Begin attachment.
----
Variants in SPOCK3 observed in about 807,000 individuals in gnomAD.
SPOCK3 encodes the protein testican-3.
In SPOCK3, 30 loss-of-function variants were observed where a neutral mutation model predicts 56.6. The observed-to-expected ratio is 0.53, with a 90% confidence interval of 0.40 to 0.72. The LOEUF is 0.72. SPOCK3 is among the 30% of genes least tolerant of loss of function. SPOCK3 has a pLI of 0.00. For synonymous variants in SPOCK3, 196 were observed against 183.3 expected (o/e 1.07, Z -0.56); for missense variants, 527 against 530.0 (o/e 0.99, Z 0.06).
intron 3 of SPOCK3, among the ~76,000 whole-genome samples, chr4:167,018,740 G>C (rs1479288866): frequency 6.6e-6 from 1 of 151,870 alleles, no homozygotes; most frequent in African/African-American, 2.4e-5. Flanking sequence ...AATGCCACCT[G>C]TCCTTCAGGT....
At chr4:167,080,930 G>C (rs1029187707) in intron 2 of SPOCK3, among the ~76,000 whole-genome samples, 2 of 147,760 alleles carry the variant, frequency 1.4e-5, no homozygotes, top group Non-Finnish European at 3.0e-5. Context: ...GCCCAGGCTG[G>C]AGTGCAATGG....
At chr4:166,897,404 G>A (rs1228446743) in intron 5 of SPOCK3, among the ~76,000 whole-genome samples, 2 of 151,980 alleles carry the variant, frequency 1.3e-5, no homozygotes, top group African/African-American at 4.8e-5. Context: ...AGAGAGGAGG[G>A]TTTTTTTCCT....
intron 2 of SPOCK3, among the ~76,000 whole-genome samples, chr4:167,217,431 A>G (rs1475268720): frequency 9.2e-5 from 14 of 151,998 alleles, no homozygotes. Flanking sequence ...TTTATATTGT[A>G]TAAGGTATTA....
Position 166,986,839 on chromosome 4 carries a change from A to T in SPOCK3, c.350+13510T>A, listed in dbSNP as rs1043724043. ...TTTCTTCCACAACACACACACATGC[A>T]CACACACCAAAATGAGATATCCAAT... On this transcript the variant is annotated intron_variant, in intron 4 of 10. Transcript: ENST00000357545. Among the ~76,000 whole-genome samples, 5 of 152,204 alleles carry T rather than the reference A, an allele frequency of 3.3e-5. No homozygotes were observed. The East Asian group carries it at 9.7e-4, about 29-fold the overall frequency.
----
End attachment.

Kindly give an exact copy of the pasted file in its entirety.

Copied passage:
Variants in SPOCK3 observed in about 807,000 individuals in gnomAD.
SPOCK3 encodes the protein testican-3.
In SPOCK3, 30 loss-of-function variants were observed where a neutral mutation model predicts 56.6. The observed-to-expected ratio is 0.53, with a 90% confidence interval of 0.40 to 0.72. The LOEUF is 0.72. SPOCK3 is among the 30% of genes least tolerant of loss of function. SPOCK3 has a pLI of 0.00. For synonymous variants in SPOCK3, 196 were observed against 183.3 expected (o/e 1.07, Z -0.56); for missense variants, 527 against 530.0 (o/e 0.99, Z 0.06).
intron 3 of SPOCK3, among the ~76,000 whole-genome samples, chr4:167,018,740 G>C (rs1479288866): frequency 6.6e-6 from 1 of 151,870 alleles, no homozygotes; most frequent in African/African-American, 2.4e-5. Flanking sequence ...AATGCCACCT[G>C]TCCTTCAGGT....
At chr4:167,080,930 G>C (rs1029187707) in intron 2 of SPOCK3, among the ~76,000 whole-genome samples, 2 of 147,760 alleles carry the variant, frequency 1.4e-5, no homozygotes, top group Non-Finnish European at 3.0e-5. Context: ...GCCCAGGCTG[G>C]AGTGCAATGG....
At chr4:166,897,404 G>A (rs1228446743) in intron 5 of SPOCK3, among the ~76,000 whole-genome samples, 2 of 151,980 alleles carry the variant, frequency 1.3e-5, no homozygotes, top group African/African-American at 4.8e-5. Context: ...AGAGAGGAGG[G>A]TTTTTTTCCT....
intron 2 of SPOCK3, among the ~76,000 whole-genome samples, chr4:167,217,431 A>G (rs1475268720): frequency 9.2e-5 from 14 of 151,998 alleles, no homozygotes. Flanking sequence ...TTTATATTGT[A>G]TAAGGTATTA....
Position 166,986,839 on chromosome 4 carries a change from A to T in SPOCK3, c.350+13510T>A, listed in dbSNP as rs1043724043. ...TTTCTTCCACAACACACACACATGC[A>T]CACACACCAAAATGAGATATCCAAT... On this transcript the variant is annotated intron_variant, in intron 4 of 10. Transcript: ENST00000357545. Among the ~76,000 whole-genome samples, 5 of 152,204 alleles carry T rather than the reference A, an allele frequency of 3.3e-5. No homozygotes were observed. The East Asian group carries it at 9.7e-4, about 29-fold the overall frequency.